I spoke to Chris Pratt the day after it happened and he’s a bit religious so he wanted time to pray and figure it out, but I was more like, ‘F*ck this, this is bullsh*t.’ James is one of the kindest, most decent people I’ve met. He’s already turned in the script for Guardians Of The Galaxy Vol 3 and where I’m at right now is that if [Marvel] don’t use that script then I’m going to ask them to release me from my contract, cut me out or recast me because I’d be doing James a disservice if I didn’t.”

Bautista’s core reaction to the Gunn controversy makes you realise that he is, at base, a sensitive soul. Over the course of our chat, he cites various actors he admires – Pierce Brosnan, Josh Brolin – and it’s typically because they’ve “struggled with demons” or “dealt with pain” and come out stronger. He mentioned his anxiety on the first Guardians film; does he find his own demons keep him up at night?

“Oh, for sure,” he says. “I still don’t feel I’ve accomplished what I set out to and that’s a major source of my stress. But the thing I’m proudest of with my insecurities is that I own them now. I used to be embarrassed about how much I’d stress with social anxiety, but now I’m more open about it. I remember on the first Guardians, before filming I’d say, ‘Guys, I’m a bit nervous, I’ve got some anxiety, but give me a few takes and I’ll get into my groove.’ I’m aware of it now. It is what it is.”

The ease with which Bautista can speak about his emotions is, he admits, largely down to his mother. As well as being “rebellious and passionate”, she is openly gay and raised him single-handed. When I ask how old he was when she came out, he barks a good-natured laugh: “I don’t remember her not being out! This was the Seventies and it wasn’t as accepted as it is now, but still, she never hid anything. She never made it seem as though it was an odd thing to be gay, and that meant it was never an issue. She was, ‘If you don’t like it, go f*ck yourself.’ So, that’s how I am, too.”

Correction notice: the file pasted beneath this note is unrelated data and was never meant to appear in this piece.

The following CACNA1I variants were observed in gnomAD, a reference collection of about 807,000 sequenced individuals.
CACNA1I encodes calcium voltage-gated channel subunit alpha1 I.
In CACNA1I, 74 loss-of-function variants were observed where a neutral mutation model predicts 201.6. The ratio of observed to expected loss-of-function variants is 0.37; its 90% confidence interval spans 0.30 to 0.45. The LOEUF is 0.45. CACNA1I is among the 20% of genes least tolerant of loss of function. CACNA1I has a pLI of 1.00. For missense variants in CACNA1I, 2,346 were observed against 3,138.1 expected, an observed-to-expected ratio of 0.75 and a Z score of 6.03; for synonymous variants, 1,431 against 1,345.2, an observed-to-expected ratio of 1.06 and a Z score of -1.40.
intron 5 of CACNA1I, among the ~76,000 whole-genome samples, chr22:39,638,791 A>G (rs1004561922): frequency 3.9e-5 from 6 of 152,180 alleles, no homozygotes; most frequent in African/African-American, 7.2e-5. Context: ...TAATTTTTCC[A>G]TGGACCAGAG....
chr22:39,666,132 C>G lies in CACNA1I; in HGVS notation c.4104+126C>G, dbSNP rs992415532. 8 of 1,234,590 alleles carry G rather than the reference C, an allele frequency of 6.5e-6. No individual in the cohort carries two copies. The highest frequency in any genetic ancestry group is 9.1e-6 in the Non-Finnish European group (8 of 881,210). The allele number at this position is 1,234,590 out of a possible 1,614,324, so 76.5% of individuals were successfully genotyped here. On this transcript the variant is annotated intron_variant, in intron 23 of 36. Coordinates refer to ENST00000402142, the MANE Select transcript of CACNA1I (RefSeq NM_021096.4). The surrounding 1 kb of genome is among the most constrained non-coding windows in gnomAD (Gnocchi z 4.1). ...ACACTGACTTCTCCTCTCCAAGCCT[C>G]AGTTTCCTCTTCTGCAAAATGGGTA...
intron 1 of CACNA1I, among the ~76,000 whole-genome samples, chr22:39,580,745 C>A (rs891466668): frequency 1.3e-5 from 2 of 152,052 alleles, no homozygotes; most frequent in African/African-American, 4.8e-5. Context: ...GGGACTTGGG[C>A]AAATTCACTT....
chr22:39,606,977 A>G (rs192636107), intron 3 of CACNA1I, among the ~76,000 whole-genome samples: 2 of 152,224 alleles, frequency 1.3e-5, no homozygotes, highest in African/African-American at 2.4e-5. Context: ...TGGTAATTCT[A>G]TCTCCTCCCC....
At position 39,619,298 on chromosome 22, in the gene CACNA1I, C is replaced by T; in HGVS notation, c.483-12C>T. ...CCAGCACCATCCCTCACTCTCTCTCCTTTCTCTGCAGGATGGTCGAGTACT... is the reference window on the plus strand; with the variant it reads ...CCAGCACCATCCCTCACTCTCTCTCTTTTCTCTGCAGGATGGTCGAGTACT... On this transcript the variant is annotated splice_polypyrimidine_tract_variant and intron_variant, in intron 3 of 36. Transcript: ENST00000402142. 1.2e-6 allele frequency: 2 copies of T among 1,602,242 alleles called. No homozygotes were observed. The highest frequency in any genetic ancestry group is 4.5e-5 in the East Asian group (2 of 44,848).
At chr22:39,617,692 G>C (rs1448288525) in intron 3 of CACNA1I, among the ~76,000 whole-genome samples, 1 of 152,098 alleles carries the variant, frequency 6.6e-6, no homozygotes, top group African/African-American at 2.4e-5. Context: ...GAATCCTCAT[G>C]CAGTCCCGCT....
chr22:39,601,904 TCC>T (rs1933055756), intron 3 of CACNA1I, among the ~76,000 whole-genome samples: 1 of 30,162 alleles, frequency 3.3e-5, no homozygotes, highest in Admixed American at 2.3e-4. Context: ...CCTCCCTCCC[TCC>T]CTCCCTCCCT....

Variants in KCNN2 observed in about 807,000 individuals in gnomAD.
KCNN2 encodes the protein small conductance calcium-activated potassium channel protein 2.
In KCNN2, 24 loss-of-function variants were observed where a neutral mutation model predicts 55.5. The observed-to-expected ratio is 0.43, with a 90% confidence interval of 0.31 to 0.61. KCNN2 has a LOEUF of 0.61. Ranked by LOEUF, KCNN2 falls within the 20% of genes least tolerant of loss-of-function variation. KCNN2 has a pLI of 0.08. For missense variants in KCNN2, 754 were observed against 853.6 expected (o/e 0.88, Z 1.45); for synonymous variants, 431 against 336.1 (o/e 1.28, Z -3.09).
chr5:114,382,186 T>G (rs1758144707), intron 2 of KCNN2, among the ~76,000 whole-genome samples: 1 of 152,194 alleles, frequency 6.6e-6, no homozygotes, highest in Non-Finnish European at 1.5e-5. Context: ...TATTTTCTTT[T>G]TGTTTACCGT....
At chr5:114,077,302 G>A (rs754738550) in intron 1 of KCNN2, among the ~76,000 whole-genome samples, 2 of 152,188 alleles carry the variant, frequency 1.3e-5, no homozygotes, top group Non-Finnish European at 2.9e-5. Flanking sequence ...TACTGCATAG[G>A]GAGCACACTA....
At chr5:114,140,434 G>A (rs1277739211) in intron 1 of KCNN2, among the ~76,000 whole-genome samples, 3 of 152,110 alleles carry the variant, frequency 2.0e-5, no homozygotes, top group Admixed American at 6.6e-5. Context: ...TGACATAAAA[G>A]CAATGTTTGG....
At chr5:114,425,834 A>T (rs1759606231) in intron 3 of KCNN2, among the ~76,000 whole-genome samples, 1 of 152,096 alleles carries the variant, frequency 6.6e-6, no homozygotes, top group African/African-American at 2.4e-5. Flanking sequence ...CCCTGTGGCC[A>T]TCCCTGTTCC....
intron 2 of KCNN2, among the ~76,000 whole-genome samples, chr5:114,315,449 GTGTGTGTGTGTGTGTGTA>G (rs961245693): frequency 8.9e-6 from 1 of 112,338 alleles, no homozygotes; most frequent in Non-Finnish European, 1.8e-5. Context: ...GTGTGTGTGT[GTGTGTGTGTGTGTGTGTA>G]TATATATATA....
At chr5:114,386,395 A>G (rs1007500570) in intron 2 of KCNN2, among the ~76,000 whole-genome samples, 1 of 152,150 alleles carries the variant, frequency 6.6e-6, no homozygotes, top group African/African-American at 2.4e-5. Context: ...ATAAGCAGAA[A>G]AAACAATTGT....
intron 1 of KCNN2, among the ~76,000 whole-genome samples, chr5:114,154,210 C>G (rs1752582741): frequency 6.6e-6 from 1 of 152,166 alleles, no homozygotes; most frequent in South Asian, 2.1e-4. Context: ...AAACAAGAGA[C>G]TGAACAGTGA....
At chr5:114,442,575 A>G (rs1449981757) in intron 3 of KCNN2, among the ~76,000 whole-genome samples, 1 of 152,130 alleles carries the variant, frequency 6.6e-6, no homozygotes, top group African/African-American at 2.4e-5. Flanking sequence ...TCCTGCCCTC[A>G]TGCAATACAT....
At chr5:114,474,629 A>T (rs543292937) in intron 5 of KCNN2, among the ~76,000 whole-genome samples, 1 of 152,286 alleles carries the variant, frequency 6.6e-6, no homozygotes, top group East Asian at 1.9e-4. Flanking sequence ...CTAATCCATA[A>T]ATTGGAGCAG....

He confesses to still feeling like an “outsider” at Hollywood events – “not one of the inner circle, the cool kids” – and is far happier living a “normal, boring life” with his wife and their three dogs in Tampa.

Since we’ve photographed him in a bookshop, I have to enquire: what’s he reading at the moment? “A lot of scripts,” he says. “My ultimate goal is to develop projects, hopefully even direct them, and I have a bunch of ideas I think would make great films. But Hollywood isn’t the fastest-moving business. That’s why I want to establish myself as a brand, so it’s easier to get my own projects off the ground.”

For someone so determined to break the wrestler-turned-actor mould, doesn’t this path sound strikingly similar to the one currently being beaten by Dwayne ‘The Rock’ Johnson? Bautista gives another gravelly chuckle: “I guess it’s that sort of ballpark. Johnson’s gone a certain way and he has his own style, but if he walks into a room, he knows people will sit up and listen. Ultimately, that’s the kind of credibility I want.”

Final Score is at cinemas and on Sky Cinema from 7 September

(Photography: Gavin Bond)